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Hypocrisy, your name is… still Iain Duncan Smith, in fact. He doesn’t get off the hook just because Jeremy C… Hunt has put his foot in his mouth.
Hunt does appear to be challenging LieDS for his crown, however.
For those who aren’t aware: Back in 2005, the now-Health Secretary co-authored a miserable little screed calling itself Direct Democracy, in which he made clear some of his opinions about the National Health Service which was – at the time – getting some of the highest satisfaction ratings it had ever enjoyed.
Let’s compare some of the things he had to say today, celebrating the health service’s 65th anniversary, and in the book.
Today, he said: “In 65 years, the NHS has quite simply done more to improve people’s lives that any other institution in our history, and its equity and excellence make us the envy of the world.”
In his book, he wrote: “The NHS was designed over half a century ago, at a time of rationing and deep poverty. It was, and remains, a child of its time” [page 76] … “A 1940s monopolistic structure is no longer relevant in the 21st century” [page 80].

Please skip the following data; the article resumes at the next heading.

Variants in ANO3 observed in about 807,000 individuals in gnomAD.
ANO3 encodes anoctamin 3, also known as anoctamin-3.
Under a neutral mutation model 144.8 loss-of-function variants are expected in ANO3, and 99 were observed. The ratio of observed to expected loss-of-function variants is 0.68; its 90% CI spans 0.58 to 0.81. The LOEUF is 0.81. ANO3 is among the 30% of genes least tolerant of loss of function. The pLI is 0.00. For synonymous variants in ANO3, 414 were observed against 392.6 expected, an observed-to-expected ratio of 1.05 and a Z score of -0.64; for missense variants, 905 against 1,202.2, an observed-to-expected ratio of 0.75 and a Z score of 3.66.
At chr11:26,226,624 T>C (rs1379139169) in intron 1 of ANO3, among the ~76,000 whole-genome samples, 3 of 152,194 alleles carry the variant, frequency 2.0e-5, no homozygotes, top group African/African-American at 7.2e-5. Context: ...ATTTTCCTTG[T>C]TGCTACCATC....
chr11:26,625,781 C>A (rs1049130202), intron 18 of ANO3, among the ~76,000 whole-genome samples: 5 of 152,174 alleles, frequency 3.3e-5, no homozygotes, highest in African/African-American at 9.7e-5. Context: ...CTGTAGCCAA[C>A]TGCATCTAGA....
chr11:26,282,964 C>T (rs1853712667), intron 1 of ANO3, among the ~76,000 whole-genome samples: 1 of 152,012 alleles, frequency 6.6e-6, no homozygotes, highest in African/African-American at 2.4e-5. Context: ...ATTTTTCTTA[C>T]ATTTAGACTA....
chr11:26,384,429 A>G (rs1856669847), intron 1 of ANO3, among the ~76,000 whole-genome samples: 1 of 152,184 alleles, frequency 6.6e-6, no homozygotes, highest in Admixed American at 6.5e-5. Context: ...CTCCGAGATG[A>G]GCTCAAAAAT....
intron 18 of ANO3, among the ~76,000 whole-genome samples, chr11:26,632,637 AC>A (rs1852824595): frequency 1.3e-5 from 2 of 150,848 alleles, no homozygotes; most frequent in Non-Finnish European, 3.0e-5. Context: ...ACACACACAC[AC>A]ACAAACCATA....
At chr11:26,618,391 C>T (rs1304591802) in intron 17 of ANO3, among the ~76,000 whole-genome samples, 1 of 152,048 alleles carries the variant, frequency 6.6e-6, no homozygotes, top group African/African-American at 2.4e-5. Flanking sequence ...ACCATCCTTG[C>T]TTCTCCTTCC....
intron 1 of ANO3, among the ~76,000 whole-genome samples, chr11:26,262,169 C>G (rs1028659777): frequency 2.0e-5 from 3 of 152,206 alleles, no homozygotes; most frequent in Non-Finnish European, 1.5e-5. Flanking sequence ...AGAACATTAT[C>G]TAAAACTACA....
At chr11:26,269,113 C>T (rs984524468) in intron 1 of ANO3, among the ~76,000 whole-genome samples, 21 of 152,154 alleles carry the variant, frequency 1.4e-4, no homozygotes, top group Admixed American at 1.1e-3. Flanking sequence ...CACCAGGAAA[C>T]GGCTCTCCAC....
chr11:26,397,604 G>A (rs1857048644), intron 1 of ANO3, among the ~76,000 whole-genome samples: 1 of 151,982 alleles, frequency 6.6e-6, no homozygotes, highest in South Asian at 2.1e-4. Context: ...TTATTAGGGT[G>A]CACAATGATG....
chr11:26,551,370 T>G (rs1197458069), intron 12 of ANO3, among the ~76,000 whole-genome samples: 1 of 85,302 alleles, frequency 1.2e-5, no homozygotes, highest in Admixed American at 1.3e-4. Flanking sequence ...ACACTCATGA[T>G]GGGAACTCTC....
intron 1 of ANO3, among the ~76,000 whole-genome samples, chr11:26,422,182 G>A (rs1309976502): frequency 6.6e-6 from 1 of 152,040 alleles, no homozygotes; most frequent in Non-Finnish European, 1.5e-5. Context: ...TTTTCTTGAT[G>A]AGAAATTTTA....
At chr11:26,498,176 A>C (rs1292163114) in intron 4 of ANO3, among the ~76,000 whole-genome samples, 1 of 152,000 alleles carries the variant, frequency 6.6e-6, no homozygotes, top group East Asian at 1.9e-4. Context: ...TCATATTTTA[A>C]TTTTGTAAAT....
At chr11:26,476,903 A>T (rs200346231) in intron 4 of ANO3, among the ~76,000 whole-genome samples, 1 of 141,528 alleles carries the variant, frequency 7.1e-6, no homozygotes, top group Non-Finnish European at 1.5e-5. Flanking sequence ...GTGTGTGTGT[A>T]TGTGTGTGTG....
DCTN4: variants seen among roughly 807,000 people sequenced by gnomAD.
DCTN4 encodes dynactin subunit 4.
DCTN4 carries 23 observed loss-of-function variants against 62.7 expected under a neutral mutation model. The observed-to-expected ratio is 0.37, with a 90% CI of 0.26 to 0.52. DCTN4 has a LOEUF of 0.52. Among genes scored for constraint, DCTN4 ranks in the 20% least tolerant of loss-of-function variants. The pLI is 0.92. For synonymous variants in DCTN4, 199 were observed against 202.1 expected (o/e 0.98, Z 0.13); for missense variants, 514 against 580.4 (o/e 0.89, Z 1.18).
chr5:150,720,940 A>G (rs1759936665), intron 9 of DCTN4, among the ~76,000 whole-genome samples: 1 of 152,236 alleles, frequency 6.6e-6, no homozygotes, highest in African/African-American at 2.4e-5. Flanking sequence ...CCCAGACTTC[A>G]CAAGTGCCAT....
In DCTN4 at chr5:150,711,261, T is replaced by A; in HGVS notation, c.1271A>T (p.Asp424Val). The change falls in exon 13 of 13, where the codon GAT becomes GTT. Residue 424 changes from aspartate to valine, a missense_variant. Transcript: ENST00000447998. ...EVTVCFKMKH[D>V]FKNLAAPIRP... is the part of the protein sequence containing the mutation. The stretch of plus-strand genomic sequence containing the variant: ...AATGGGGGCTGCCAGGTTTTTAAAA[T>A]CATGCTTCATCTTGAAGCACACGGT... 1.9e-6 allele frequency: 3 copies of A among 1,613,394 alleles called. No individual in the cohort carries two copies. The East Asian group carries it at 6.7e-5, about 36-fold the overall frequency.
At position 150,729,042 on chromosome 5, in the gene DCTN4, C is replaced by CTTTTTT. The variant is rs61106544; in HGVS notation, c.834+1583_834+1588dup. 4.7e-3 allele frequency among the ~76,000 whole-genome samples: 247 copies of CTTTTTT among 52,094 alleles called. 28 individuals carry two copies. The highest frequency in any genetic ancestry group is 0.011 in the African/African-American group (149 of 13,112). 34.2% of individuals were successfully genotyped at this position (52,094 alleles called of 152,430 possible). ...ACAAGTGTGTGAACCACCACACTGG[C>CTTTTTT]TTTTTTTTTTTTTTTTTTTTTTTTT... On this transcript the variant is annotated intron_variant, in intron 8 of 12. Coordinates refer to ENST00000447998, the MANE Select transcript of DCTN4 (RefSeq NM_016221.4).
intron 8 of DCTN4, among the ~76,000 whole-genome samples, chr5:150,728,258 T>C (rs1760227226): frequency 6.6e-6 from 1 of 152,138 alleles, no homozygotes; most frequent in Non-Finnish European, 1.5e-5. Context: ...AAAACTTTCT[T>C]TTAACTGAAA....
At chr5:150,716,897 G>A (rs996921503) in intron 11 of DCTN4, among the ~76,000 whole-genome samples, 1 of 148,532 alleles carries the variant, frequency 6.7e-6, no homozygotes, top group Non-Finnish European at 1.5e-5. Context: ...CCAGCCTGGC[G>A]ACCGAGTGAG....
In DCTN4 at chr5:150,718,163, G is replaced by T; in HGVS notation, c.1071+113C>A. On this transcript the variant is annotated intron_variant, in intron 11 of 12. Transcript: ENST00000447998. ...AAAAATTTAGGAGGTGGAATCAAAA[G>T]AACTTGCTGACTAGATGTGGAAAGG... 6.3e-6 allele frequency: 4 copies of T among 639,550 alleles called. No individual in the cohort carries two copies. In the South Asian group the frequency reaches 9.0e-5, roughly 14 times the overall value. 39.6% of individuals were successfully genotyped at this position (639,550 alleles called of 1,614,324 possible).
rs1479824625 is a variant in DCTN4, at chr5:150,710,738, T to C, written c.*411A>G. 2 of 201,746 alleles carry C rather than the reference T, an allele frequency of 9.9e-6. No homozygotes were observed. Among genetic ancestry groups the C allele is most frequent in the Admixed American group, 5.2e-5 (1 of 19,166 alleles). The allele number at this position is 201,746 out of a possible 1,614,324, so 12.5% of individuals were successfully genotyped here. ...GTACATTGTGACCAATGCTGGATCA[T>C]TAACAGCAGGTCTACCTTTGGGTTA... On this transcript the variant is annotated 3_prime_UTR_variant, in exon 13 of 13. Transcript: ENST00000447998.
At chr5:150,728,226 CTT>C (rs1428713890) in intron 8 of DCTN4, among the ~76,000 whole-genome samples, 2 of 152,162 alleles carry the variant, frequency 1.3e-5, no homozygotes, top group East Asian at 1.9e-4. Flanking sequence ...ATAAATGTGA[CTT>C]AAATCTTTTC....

He said: “Today we express our thanks to the millions of hard-working NHS staff who literally save lives round the clock. We owe them a huge debt of gratitude.”
In his book, he wrote that it was “a fundamentally broken machine” [page 80].
Today, he announced changes for the vulnerable and elderly, adding: “this is only the starting point of a much broader transformation in ‘out of hospital’ care – one which will help every single patient and make sure the NHS stays true to the values that underpinned its founding in 1948”.
In his book, he wrote: “We should fund patients, either through the tax system or by way of universal insurance, to purchase health care from the provider of their choice” [page 76] … “our ambition should be … denationalising the provision of health care in Britain” [page 78].
Today he said; “I believe the NHS once again has the opportunity to steal a march on other healthcare systems and turn heads by the scale of its ambition – just as in 1948.”
In his book, he wrote: “They are told that record investment has transformed the NHS; but their hospital seems as grimy as ever” [page 31].
What a load of hypocritical flannel.
I’m fed up of these Tory wet-wipes trying to wash away what they’ve done in the past and thinking we won’t notice. James Naughtie had Hunt pegged when he came up with that profane nickname for him.
The Health Secretary continues to live down to that nickname, every day of his life.